A New Way to Look at Meteor Trails
By John Hlynialuk
Binoculars, with their narrow field of view, are not normally used to watch meteor showers. The unaided eye, which can encompass a much wider sky area is preferable since meteors appear anywhere in the sky and disappear before binoculars can be brought to bear. If you do see a meteor (“shooting star”) in the eyepiece of a telescope or in binoculars, it is always a happy accident.
The recent Perseid meteor shower offered a perfect chance for me to try something different during a shower: binocular meteor trail viewing.
Perseids tend to produce more than their share of fireballs. Some of the brighter ones sometimes leave behind a glowing trail which takes a few seconds to disappear. While most of these trails fade to invisibility in a second or two, some last longer, sometimes a minute or more. These are perfect binocular targets.
If you are quick, it is possible to see the glowing trail from a Perseid fireball at the higher magnification provided by binoculars. The trail looks a lot like a vapour trail from a jet that widens and fades in brightness over a short time.
During the Perseid shower in 1986, a very bright fireball left a trail about 20 degrees long that was visible to the eye for 15 seconds or so. With 10 power binoculars, the glowing gases were seen for several minutes! Over time, the trail distorted and twisted as the upper atmosphere winds changed its appearance. It broke up into three sections that drifted apart and spread out into faint diffuse clouds. The last glow finally disappeared about eight minutes later!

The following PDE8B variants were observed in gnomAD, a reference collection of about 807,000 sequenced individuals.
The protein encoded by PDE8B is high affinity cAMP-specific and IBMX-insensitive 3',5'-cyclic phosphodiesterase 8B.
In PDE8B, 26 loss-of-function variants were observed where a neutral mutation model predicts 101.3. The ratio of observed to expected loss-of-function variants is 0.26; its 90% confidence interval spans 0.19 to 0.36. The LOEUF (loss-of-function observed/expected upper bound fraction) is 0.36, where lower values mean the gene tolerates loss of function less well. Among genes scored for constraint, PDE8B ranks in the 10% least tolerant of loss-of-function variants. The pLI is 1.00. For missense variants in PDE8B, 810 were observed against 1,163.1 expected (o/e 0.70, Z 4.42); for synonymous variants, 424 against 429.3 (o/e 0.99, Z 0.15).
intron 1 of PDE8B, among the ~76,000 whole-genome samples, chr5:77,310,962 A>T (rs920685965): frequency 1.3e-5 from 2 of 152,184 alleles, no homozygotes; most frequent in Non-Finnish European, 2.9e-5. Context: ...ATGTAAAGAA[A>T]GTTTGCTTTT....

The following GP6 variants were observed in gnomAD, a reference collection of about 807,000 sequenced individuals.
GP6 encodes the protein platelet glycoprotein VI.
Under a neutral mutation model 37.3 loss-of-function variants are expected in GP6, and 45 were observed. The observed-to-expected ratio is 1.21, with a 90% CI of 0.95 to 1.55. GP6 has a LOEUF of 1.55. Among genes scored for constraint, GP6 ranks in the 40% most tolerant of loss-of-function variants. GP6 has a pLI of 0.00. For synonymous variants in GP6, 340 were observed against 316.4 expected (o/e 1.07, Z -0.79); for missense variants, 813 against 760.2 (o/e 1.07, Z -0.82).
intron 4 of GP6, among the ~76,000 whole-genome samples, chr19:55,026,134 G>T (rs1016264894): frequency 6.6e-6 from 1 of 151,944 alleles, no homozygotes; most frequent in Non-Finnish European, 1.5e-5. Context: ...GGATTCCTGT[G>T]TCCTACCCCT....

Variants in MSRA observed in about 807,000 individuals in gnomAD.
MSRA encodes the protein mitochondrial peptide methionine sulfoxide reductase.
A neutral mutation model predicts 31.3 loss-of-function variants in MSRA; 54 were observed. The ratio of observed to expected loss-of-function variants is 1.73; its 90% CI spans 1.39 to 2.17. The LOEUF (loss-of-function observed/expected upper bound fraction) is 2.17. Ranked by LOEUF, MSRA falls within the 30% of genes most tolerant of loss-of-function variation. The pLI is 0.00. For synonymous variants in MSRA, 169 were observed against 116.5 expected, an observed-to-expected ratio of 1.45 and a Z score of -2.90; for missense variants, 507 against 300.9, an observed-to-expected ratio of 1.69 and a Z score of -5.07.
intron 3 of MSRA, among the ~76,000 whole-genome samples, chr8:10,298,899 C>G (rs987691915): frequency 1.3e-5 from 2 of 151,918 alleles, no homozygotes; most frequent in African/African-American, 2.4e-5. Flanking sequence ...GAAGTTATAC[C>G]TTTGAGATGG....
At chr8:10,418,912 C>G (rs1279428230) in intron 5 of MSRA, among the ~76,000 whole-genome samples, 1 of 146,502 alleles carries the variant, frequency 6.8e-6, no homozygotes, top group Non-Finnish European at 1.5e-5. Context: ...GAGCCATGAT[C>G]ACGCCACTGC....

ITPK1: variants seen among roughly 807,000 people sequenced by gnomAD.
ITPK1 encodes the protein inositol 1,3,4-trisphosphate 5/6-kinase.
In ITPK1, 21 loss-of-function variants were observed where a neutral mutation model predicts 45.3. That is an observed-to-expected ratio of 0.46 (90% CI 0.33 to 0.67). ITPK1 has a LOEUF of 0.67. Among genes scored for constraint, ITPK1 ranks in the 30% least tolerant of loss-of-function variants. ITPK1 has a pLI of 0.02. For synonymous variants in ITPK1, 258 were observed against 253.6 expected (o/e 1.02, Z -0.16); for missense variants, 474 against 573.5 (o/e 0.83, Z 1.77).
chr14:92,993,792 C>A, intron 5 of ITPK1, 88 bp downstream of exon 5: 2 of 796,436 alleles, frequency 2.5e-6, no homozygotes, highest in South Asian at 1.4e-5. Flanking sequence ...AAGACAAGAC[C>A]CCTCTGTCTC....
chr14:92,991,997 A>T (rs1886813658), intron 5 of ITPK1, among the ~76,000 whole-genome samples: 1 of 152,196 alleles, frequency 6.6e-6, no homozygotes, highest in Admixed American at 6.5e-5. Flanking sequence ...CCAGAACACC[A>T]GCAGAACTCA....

However, a lot has to go right for success in this endeavour. You need a bright Perseid with a persistent train, a quick response with a familiar set of binos and good aim. The odds are not on your side, but you will never forget the view.
I tried this on Perseid night at Starfest this year and was able to catch two persistent trains. Both lasted only a second or two to the naked eye, but took about 10 seconds to fade in binos. I surprised myself because, based on past lack of success, I thought it would be harder than that! It helps if you have a couple of friends alerting you to those bright fireballs that invariably appear behind you.
Although Perseid night is the best of the year for this, any night you are out skywatching with binoculars there could be a random bright meteor. In a group observing situation, anyone in the group can alert the others to swing their binoculars to a bright meteor trail. Meteor fact: Astronomers have determined that a typical meteor first appears around 130 kilometres up. They can penetrate another 100 kilometres to about 30 km above the Earth’s surface when they finally burn out.